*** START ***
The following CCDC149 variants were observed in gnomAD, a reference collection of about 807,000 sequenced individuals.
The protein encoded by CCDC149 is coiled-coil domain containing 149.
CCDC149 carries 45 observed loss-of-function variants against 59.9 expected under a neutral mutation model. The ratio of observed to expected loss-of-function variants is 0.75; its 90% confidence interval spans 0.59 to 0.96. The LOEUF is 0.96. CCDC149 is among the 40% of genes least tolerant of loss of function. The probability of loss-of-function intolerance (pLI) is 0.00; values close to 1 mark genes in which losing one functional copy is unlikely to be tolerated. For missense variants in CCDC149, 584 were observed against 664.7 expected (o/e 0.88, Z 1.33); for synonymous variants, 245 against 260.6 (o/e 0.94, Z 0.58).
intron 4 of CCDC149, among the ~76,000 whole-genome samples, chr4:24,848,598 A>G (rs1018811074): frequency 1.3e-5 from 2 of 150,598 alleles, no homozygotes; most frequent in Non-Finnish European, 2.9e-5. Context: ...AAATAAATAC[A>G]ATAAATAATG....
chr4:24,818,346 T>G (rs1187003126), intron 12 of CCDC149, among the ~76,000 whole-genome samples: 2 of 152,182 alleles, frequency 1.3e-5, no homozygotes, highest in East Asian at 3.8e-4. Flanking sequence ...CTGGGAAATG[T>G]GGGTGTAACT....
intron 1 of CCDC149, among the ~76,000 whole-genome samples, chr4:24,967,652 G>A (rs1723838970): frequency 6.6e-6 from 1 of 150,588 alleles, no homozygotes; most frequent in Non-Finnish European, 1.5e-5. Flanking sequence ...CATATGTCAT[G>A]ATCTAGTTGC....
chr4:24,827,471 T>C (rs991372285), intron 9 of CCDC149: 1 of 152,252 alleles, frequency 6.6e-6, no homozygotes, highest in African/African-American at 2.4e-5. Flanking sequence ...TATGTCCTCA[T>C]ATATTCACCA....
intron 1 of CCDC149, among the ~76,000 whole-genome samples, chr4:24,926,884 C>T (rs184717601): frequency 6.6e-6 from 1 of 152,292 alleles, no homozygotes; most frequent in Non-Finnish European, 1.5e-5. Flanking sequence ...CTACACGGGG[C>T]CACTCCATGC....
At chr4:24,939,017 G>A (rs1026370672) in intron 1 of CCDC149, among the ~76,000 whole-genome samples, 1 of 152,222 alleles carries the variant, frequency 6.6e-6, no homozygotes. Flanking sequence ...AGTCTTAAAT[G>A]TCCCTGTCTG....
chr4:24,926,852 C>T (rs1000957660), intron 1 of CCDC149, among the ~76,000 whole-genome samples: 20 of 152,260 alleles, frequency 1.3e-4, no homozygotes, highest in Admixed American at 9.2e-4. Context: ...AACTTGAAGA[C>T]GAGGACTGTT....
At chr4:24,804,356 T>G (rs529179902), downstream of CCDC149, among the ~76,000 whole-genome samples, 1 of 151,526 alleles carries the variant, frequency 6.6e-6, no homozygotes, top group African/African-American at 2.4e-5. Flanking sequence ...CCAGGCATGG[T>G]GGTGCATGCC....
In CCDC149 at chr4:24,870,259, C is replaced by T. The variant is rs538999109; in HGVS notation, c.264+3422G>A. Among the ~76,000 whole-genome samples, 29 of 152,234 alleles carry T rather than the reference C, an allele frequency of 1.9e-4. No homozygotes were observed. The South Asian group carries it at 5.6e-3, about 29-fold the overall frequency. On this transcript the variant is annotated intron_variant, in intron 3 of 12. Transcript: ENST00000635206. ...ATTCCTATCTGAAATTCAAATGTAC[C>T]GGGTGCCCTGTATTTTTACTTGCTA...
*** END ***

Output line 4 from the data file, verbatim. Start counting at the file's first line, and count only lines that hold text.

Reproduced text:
intron 4 of CCDC149, among the ~76,000 whole-genome samples, chr4:24,848,598 A>G (rs1018811074): frequency 1.3e-5 from 2 of 150,598 alleles, no homozygotes; most frequent in Non-Finnish European, 2.9e-5. Context: ...AAATAAATAC[A>G]ATAAATAATG....